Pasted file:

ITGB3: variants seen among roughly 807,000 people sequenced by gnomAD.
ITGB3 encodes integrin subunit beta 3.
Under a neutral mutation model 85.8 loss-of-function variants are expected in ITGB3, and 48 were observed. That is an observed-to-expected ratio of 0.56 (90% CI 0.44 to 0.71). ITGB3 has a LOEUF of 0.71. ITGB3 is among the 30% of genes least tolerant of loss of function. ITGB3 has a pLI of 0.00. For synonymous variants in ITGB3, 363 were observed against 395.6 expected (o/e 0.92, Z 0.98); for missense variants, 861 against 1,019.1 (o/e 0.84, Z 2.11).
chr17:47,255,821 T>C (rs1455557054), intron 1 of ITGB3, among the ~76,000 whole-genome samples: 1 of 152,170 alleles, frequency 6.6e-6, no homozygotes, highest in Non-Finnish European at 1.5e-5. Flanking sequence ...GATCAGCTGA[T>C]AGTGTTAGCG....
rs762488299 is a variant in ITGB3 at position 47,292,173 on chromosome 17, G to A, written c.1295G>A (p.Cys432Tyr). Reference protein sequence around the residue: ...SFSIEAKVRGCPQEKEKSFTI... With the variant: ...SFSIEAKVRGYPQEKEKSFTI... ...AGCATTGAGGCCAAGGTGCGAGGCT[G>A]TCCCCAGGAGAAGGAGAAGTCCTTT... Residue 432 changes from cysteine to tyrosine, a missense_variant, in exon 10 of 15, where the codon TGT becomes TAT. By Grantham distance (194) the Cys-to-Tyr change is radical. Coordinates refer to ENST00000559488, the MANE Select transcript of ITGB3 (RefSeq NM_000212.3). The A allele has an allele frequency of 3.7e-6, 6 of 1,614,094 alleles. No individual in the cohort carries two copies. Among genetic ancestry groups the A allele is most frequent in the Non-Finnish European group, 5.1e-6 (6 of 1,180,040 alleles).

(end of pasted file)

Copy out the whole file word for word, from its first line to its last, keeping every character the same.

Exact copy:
ITGB3: variants seen among roughly 807,000 people sequenced by gnomAD.
ITGB3 encodes integrin subunit beta 3.
Under a neutral mutation model 85.8 loss-of-function variants are expected in ITGB3, and 48 were observed. That is an observed-to-expected ratio of 0.56 (90% CI 0.44 to 0.71). ITGB3 has a LOEUF of 0.71. ITGB3 is among the 30% of genes least tolerant of loss of function. ITGB3 has a pLI of 0.00. For synonymous variants in ITGB3, 363 were observed against 395.6 expected (o/e 0.92, Z 0.98); for missense variants, 861 against 1,019.1 (o/e 0.84, Z 2.11).
chr17:47,255,821 T>C (rs1455557054), intron 1 of ITGB3, among the ~76,000 whole-genome samples: 1 of 152,170 alleles, frequency 6.6e-6, no homozygotes, highest in Non-Finnish European at 1.5e-5. Flanking sequence ...GATCAGCTGA[T>C]AGTGTTAGCG....
rs762488299 is a variant in ITGB3 at position 47,292,173 on chromosome 17, G to A, written c.1295G>A (p.Cys432Tyr). Reference protein sequence around the residue: ...SFSIEAKVRGCPQEKEKSFTI... With the variant: ...SFSIEAKVRGYPQEKEKSFTI... ...AGCATTGAGGCCAAGGTGCGAGGCT[G>A]TCCCCAGGAGAAGGAGAAGTCCTTT... Residue 432 changes from cysteine to tyrosine, a missense_variant, in exon 10 of 15, where the codon TGT becomes TAT. By Grantham distance (194) the Cys-to-Tyr change is radical. Coordinates refer to ENST00000559488, the MANE Select transcript of ITGB3 (RefSeq NM_000212.3). The A allele has an allele frequency of 3.7e-6, 6 of 1,614,094 alleles. No individual in the cohort carries two copies. Among genetic ancestry groups the A allele is most frequent in the Non-Finnish European group, 5.1e-6 (6 of 1,180,040 alleles).